Outcomes from our Post-Covid Seminar: Supply Chains Shifts, Leadership Communication, and a Rough Economic Forecast

The SCRC held our first webinar panel today (video embedded below), which was attended by over 90 people, with another 200 who signed up for the recording.  The webinar featured myself, commenting on some of the attributes of the global supply chain that will shift, based on some of my recent work with the US AirForce, GovBuy, the Helena Covid19 Network, and other groups on how to mobilize a response to the chronic shortage of supplies in hospitals. Next, Gene Klann from the Center for Creative Leadership (a non-profit executive education center), discussed a number of important lessons for leaders to consider during the COVID crisis.  These lessons are based on his experiences in the military, and his book “Crisis Leadership: Using Military Lessons, Organizational Experiences, and the Power of Influence to Lessen the Impact of Chaos on the People You Lead.”  Jason Schenker is the President of Prestige Economics and Chairman of The Futurist Institute.  He discussed some of the key lessons for executives to consider once the post-COVID economy begins to unfold based on his new book, “The Future After COVID”.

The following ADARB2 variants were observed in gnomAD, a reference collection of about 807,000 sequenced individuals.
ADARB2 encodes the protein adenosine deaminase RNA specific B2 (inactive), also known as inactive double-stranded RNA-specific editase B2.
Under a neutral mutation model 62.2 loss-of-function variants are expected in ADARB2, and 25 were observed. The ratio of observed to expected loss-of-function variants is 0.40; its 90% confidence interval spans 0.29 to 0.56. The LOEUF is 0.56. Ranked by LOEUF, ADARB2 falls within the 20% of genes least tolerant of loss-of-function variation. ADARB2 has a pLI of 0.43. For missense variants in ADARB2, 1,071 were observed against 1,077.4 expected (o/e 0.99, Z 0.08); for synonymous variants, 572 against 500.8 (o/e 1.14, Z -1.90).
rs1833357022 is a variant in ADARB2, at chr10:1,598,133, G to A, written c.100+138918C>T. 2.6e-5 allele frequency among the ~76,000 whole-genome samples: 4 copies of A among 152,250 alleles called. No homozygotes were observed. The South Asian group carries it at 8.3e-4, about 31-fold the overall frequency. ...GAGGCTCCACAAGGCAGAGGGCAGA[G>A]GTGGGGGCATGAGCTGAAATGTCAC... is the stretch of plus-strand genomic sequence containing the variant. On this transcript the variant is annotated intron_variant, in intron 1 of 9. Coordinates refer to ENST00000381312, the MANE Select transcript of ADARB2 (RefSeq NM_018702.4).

I began by advancing some perspectives on how the supply chain will be forever altered after COVID19, which  has caused the entire global economy to shut down, and will have lasting impacts.  An implicit assumption in the press is that COVID-19 caught everyone by surprise and that executives foolishly ignored the risks of outsourcing to China, and are now paying the price. However, noted scholars and epidemiologists have been warning of the threats of pandemics since the SARS virus. The pundits would further posit that in their pursuit of low-cost production, global corporations made naive assumptions that nothing could disrupt them.  The tariffs imposed by governments were simply a passing political inconvenience, while Brexit restrictions would somehow be negotiated away with Brussels in subsequent years.  I offered an alternative viewpoint: the major disruption of the global economy, including COVID and the after-effects, are a function of events that are indeed part of the natural evolution of supply chains.

If this is the case, and you buy into this hypothesis, than organizations need to be much more aware of what the future will look like, and think about how to plan ahead not just for the next week, but what the world will look like in a post-Covid world.